The effective instructor must be aware of certain principles of learning. Learning takes place at different rates and at different times in different individuals. There are many factors affecting learning and each student has his own unique balance of these factors (both emotional and physical) that affects the outcome of the learning experience. Some of the factors an instructor should be aware of and attempt to overcome or eliminate are: fear, anxiety, shyness, fatigue, adverse physical traits, impatience, in-attentive attitudes or personal emotional upset. All of these are obstacles that will be encountered by the instructor and will retard learning if not dealt with.

Motivation is one of the big factors in learning and this too can take on many forms. People are motivated to learn that which can be used for pleasure and a relaxing pastime. The desire for excitement, adventure and new experiences all are motivating factors in hang gliding. Group approval is also a strong motivating force. All to the above and any other motivating factors should be exploited by the instructor to facilitate the learning process.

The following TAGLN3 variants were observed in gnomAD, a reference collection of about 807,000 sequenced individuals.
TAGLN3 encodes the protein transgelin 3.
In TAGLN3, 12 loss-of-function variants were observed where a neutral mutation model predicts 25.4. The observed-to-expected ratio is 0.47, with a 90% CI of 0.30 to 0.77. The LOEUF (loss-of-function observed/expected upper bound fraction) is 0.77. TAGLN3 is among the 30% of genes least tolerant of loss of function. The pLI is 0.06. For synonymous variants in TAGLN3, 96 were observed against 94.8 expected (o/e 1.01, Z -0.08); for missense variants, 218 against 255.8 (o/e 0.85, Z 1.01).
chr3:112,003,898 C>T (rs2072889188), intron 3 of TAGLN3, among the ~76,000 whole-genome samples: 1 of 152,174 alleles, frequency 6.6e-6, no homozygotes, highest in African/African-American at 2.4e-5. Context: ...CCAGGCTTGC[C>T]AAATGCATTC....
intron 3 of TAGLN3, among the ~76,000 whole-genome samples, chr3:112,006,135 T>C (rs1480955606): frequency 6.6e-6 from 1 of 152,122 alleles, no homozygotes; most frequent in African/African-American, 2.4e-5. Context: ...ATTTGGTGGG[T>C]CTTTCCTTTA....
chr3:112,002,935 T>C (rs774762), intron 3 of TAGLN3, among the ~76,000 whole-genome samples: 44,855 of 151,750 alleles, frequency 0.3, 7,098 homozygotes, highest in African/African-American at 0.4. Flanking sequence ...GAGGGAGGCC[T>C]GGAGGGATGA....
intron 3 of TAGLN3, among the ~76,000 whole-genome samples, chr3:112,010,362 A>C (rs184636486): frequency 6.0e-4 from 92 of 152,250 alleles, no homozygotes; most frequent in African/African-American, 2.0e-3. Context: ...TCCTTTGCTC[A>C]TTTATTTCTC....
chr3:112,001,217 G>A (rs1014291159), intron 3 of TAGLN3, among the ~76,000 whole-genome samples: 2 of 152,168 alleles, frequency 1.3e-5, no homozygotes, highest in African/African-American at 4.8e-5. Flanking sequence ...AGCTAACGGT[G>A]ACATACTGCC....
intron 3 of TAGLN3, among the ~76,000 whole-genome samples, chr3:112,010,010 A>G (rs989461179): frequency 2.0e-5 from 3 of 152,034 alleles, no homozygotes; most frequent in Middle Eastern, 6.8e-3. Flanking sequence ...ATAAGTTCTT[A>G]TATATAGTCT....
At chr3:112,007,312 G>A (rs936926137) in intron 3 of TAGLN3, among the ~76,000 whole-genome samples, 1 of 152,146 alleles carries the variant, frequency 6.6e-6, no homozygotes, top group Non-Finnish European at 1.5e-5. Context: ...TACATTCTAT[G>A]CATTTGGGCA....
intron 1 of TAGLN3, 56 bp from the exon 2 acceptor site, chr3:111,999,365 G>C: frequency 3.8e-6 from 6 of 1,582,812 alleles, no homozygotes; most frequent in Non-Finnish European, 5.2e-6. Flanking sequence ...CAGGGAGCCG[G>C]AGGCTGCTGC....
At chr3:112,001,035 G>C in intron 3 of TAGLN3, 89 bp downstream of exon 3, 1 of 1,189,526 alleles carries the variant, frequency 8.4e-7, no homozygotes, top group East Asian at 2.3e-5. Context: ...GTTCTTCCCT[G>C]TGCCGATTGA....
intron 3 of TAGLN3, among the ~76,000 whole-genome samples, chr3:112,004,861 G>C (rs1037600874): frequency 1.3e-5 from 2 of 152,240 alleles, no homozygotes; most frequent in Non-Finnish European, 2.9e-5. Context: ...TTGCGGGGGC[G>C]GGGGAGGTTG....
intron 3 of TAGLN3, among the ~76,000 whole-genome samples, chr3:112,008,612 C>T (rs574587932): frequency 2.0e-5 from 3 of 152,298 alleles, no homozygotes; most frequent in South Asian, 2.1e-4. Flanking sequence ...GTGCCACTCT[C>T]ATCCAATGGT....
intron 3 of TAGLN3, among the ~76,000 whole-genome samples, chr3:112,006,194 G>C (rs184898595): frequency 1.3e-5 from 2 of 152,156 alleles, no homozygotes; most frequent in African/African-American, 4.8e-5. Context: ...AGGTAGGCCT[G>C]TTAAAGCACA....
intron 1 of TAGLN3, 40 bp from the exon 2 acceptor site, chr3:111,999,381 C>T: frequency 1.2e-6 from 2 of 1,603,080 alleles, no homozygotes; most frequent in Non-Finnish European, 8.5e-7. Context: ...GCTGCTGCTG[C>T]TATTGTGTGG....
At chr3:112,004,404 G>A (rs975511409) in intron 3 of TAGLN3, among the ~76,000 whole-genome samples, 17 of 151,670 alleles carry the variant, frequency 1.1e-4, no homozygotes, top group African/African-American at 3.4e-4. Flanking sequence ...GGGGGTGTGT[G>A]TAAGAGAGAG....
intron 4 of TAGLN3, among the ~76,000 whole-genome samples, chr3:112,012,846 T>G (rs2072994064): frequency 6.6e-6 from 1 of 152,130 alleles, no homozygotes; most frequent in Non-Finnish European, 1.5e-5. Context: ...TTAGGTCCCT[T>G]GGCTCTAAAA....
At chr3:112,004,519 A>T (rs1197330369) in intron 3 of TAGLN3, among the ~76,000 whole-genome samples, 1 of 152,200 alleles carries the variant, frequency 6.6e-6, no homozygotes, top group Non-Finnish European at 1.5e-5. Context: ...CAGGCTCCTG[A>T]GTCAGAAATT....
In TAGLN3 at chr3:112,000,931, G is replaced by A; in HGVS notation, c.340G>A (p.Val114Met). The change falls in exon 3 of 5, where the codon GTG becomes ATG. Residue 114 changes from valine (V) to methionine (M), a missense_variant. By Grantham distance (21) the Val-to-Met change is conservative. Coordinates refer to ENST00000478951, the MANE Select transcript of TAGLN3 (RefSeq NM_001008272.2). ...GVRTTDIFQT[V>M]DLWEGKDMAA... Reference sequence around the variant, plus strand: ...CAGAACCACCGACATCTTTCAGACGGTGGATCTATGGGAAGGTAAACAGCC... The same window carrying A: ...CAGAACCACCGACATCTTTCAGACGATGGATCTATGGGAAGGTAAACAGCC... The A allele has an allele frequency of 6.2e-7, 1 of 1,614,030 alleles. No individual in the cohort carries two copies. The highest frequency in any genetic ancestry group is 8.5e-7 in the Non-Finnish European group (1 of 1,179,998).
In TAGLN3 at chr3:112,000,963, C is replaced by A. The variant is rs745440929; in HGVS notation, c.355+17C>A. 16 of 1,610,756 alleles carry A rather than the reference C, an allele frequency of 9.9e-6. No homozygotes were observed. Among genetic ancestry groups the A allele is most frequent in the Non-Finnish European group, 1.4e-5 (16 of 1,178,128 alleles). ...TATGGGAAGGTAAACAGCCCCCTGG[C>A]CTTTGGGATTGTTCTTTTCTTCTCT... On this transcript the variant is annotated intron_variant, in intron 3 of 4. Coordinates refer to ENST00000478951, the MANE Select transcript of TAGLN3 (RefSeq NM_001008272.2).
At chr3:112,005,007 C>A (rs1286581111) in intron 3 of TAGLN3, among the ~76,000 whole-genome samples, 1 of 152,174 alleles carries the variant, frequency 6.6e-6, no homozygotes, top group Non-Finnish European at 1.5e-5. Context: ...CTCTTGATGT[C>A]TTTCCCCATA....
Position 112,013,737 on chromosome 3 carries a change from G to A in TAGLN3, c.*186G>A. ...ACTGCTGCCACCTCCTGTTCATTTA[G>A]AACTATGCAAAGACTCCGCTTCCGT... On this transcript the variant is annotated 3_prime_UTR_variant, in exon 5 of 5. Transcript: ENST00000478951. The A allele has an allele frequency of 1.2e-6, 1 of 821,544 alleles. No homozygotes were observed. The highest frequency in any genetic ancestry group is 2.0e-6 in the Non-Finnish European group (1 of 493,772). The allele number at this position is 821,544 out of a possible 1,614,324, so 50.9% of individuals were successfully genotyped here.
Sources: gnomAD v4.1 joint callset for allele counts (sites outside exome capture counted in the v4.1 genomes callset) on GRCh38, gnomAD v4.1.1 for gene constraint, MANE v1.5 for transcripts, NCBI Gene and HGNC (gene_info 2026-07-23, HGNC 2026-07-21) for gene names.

One of the greatest satisfactions is the acquisition of knowledge, and if the input is properly administered, the learning process can be greatly enhanced. As a skill which was previously learned becomes a matter of habit, more input can be received and retained. This is the basic for one of the most important processes that takes place in learning: the progression of learning units on a building-block basis. What this means is that each skill to be learned will be learned quicker and more thoroughly if based on something that has gone before. If unrelated skills are progressively taught, learning will be much slower than if the total subject is organized so as to build one skill from another. It is up to the instructor to present his lessons in a manner to utilize this element of the learning process. Learning can and should be- fun. Hang gliding is a sport that can provide hours of enjoyment to the proficient practitioner. The road to proficiency should be equally enjoyable, and if the instructor does his job he will facilitate the learning process by keeping it pleasurable.